By fusing a brain-targeted antibody with an antibody that protects neurons from degeneration, scientists developed a new class of drugs that can traverse the blood brain barrier, enabling potential new treatments for Parkinson’s disease, Alzheimer’s disease, and depression.
Single-nucleotide polymorphisms (SNPs) occur where a single base pair at a specific locus differs from the standard sequence. The SNP might relate to disease susceptibility, pathogenesis of disease, or efficacy of specific drugs. Identifying SNPs is useful for improving our understanding of human genetics and as a clinical diagnostic tool.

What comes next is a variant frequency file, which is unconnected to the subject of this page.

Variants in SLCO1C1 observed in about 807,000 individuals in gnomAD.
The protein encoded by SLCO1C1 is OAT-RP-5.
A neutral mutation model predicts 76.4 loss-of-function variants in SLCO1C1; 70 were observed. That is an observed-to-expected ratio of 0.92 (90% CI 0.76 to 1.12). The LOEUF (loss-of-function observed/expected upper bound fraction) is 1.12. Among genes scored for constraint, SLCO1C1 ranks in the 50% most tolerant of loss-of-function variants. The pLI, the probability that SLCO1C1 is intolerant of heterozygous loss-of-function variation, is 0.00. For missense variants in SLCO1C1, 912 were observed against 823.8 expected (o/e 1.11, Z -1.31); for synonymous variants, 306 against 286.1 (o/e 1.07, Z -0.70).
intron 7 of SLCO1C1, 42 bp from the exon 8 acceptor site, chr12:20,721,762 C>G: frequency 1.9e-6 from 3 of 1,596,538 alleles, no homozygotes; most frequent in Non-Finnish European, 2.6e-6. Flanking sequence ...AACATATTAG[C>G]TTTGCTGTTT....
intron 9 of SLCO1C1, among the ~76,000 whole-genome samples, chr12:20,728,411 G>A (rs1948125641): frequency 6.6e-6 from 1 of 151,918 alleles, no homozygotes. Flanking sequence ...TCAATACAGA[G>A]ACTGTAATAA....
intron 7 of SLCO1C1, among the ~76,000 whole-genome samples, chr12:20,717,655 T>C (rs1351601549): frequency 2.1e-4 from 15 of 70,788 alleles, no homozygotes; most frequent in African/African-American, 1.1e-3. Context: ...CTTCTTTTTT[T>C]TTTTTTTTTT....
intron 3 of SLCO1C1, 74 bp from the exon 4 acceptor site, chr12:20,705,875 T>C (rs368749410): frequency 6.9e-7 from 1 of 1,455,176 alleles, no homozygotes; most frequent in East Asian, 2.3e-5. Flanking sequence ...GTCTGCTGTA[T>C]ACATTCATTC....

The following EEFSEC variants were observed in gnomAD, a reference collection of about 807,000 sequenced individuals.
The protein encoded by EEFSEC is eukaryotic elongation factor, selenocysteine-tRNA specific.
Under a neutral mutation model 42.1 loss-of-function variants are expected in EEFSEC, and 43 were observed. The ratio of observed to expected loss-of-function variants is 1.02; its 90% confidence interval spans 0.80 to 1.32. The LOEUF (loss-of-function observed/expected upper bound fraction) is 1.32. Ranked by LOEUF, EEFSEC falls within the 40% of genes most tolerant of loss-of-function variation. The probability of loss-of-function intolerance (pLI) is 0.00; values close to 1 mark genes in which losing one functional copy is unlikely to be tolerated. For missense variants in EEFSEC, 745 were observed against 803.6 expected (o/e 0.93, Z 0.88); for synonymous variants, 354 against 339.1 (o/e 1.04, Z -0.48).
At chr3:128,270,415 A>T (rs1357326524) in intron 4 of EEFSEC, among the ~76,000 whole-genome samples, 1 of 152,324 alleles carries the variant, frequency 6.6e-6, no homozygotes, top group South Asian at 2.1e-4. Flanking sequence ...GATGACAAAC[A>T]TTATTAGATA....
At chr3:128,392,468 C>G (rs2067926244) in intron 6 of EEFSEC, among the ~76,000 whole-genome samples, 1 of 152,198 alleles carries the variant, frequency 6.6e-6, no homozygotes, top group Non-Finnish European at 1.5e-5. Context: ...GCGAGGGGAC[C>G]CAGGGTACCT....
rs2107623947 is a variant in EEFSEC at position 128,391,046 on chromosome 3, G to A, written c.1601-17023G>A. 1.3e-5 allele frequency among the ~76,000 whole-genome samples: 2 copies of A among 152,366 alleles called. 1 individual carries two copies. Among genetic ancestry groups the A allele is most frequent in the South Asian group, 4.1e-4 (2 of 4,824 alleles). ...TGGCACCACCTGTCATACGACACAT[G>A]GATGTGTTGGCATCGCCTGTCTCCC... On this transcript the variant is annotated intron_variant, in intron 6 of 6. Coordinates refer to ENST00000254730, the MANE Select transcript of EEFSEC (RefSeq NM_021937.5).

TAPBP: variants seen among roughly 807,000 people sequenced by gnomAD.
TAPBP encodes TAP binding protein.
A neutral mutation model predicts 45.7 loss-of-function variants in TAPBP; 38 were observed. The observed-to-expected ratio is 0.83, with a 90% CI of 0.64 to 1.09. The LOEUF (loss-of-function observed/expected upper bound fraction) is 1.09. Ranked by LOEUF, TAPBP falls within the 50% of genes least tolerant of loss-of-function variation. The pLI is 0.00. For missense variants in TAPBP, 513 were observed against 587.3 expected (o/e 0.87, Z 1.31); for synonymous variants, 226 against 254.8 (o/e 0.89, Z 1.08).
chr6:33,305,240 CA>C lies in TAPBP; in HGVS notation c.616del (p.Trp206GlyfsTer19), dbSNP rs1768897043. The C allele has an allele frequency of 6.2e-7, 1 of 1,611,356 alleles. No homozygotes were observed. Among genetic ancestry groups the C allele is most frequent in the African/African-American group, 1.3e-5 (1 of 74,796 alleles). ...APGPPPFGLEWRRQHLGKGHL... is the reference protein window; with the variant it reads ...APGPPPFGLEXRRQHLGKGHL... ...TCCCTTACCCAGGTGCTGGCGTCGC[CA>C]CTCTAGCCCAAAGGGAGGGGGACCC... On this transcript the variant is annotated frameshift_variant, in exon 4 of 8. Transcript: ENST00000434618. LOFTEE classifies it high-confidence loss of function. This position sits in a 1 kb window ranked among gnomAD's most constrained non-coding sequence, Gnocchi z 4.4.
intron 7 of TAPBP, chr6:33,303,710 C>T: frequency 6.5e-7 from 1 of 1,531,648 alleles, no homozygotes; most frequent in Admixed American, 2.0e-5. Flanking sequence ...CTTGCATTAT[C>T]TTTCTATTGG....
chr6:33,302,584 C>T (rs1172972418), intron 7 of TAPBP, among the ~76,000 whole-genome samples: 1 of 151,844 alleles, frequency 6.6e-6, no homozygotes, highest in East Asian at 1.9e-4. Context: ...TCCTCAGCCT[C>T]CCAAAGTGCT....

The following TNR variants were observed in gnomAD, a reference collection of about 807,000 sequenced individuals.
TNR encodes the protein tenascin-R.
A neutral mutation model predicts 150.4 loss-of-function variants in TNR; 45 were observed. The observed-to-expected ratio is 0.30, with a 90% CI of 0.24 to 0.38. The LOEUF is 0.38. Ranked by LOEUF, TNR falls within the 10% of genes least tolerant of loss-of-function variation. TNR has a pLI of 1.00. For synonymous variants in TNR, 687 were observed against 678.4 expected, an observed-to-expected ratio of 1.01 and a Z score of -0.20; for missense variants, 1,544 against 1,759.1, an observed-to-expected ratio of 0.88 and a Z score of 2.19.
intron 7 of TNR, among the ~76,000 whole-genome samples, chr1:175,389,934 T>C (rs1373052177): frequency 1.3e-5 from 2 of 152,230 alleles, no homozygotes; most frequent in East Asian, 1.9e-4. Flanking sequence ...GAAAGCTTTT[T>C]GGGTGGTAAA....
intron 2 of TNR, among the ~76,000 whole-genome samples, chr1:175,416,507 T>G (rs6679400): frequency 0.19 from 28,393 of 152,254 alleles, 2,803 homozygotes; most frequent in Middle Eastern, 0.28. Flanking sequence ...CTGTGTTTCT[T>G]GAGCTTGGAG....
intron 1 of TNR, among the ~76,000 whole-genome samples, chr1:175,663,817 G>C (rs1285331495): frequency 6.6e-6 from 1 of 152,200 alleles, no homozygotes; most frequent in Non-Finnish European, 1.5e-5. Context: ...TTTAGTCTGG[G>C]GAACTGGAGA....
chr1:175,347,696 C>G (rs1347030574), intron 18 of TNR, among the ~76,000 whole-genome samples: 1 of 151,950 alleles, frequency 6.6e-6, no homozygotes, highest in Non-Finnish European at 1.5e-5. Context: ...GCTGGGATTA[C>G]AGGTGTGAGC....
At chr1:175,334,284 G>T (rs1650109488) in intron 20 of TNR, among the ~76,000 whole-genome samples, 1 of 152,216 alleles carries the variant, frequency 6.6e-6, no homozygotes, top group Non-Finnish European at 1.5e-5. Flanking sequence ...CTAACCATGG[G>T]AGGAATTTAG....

Targeting oncogenic transcription factors like MYC is challenging, but researchers found a way to target its regulator, WDR5, for degradation, exemplifying the capacity of protein degraders to target the “undruggable.”